US20050022698 *Aug 30, 2004Feb 3, 2005Mazany Anthony M.Inorganic matrix compositions and composites incorporating the matrix composition
US20050240281 *Aug 31, 2004Oct 27, 2005Slivka Michael AFiber-reinforced, porous, biodegradable implant device
US20050263036 *Aug 15, 2005Dec 1, 2005Primus Carolyn MDental material
US20070129810 *Jan 30, 2007Jun 7, 2007Smith & Nephew, Inc.Tissue Repair and Replacement
US20070275021 *Jul 10, 2007Nov 29, 2007Schott AgNew cosmetic, personal care, cleaning agent, and nutritional supplement compositions and methods of making and using same
US20080221701 *Mar 6, 2008Sep 11, 2008Jipin ZhongOsteostimulative settable bone graft putty
US20090208428 *Jun 15, 2007Aug 20, 2009Imperial Innovations LimitedBioactive Glass
US20090314181 *Aug 27, 2009Dec 24, 2009Primus Carolyn MDental material
US20100203482 *Feb 8, 2010Aug 12, 2010The Trustees Of The University Of PennsylvaniaNon-biodegradable endodontic sealant composition
US20100310515 *Dec 17, 2008Dec 9, 2010Queen Mary & Westfield CollegeLatency Associated Protein Construct With Aggrecanase Sensitive Cleavage Site
US20110009511 *Jul 2, 2008Jan 13, 2011Imperial Innovations LimitedGlass Polycarboxylate Cements
US20110123592 *May 27, 2009May 26, 2011Imperial Innovations LimitedBiomaterials
US20110142902 *May 27, 2009Jun 16, 2011Imperial Innovations LimitedHypoxia Inducing Factor (HIF) Stabilising Glasses
US20110144765 *May 27, 2009Jun 16, 2011Imperial Innovations LimitedProcess For Producing Porous Scaffolds From Sinterable Glass
US20120064290 *Nov 30, 2009Mar 15, 2012The Furlong Research Charitable FoundationArticle and method of surface treatment of an article
CN1294885C *Jun 5, 2001Jan 17, 2007江苏阳生生物工程有限公司Biotechnological body bone tissue rack and its making process and use
DE3526335A1 *Jul 23, 1985Jan 30, 1986Kyocera CorpKeramische prothese
DE4006379A1 *Mar 1, 1990Apr 18, 1991Univ Schiller JenaProdn. of implant with metal core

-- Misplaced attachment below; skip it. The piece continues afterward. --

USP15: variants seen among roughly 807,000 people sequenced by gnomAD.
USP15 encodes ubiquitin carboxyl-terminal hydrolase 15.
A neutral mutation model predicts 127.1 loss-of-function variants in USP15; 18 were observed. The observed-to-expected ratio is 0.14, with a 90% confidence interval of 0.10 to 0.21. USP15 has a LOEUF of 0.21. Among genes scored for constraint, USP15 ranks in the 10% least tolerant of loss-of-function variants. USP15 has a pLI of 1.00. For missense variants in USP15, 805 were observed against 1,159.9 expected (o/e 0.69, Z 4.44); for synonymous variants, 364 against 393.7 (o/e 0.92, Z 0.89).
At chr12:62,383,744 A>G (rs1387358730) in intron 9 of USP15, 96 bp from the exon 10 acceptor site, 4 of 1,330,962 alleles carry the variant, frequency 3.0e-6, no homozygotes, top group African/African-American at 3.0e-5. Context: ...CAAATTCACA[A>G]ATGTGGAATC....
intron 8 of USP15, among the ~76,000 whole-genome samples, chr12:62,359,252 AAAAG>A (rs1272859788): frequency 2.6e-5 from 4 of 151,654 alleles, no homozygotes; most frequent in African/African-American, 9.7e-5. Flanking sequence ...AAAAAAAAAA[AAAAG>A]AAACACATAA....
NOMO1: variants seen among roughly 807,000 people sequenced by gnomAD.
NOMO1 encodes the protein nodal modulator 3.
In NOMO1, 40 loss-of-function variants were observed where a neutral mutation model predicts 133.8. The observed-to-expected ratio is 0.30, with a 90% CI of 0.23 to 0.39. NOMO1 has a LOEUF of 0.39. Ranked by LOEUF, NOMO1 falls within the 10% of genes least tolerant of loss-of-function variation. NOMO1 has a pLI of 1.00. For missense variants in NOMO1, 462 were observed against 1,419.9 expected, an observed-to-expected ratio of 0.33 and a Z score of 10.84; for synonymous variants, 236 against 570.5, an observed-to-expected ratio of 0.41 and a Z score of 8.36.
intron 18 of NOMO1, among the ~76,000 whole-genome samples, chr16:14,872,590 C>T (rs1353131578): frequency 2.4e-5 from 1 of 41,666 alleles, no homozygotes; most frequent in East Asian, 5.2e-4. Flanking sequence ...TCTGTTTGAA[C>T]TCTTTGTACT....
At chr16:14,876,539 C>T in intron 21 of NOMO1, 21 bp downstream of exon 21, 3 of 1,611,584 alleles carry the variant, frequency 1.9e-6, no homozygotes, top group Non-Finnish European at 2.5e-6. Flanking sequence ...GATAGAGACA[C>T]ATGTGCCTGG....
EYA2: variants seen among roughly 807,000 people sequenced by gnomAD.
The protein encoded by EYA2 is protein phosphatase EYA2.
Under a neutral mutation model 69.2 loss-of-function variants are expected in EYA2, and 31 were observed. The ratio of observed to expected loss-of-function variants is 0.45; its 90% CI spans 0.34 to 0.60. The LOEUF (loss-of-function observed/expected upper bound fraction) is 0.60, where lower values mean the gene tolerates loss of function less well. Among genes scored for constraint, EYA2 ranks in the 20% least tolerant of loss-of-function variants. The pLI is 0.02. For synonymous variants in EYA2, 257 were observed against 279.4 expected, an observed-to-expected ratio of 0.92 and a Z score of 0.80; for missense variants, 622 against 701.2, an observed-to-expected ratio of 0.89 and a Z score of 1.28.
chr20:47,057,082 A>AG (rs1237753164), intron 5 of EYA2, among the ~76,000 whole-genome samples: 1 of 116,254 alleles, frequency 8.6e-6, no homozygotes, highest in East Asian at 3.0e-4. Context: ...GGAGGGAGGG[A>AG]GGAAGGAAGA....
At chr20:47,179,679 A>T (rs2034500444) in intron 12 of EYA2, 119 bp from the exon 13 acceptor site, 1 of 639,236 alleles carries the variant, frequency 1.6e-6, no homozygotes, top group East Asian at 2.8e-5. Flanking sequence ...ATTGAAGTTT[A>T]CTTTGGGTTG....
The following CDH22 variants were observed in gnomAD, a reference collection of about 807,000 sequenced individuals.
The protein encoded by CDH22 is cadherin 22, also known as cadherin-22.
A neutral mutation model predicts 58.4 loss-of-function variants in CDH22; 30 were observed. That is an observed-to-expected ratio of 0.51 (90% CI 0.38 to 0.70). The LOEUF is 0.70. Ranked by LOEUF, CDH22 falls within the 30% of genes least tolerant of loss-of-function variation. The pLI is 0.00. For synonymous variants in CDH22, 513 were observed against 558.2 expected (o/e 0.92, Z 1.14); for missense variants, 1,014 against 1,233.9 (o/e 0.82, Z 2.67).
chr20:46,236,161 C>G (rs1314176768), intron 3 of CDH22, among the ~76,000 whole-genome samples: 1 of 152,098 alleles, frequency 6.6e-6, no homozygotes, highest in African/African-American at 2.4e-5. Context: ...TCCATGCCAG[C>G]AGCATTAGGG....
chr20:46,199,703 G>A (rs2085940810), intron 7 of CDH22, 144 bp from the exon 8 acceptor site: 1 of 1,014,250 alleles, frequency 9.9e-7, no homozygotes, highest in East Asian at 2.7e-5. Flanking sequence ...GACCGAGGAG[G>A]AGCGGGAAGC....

DE4006379C2 *Mar 1, 1990Jun 10, 1999Univ Schiller JenaVerfahren zur Herstellung bioaktiver und mechanisch hoch belastbarer Implantate
DE4020598A1 *Jun 28, 1990Jan 3, 1991Kyocera CorpInorganic implant prosthesis - has ceramic substrate coated with glass interlayer and thermally sprayed calcium phosphate based outer layer
DE4113021A1 *Apr 20, 1991Oct 22, 1992Carus Carl GustavReabsorbing phosphate glass and ceramics bio material - contg. phosphorous pent-, calcium-, magnesium-, sodium- and potassium oxide(s) for tissue and bone replacement
DE102004021729A1 *Apr 30, 2004Nov 24, 2005Mann + Hummel GmbhHohlfasermembranmodul
DE102004021729B4 *Apr 30, 2004Jan 19, 2017Mann + Hummel GmbhVerfahren zur Herstellung eines hochtemperaturbeständigen Hohlfasermembranmoduls
EP0559508A1 *Feb 9, 1993Sep 8, 1993Zimmer S.A.Novel coating for prosthesis
EP1426066A1 *Jun 4, 2002Jun 9, 2004Yenssen Biotech Co., Ltd.Scaffold product for human bone tissue engineering, methods for its preparation and uses thereof
EP1426066A4 *Jun 4, 2002Jan 11, 2006Yenssen Biotech Co LtdScaffold product for human bone tissue engineering, methods for its preparation and uses thereof
WO1998011853A1 *Sep 19, 1997Mar 26, 1998Usbiomaterials CorporationComposition and method for acceleration of wound and burn healing
WO2002098474A1Jun 4, 2002Dec 12, 2002Laisheng Biotechnology Inc., ShanghaiScaffold product for human bone tissue engineering, methods for its preparation ans uses thereof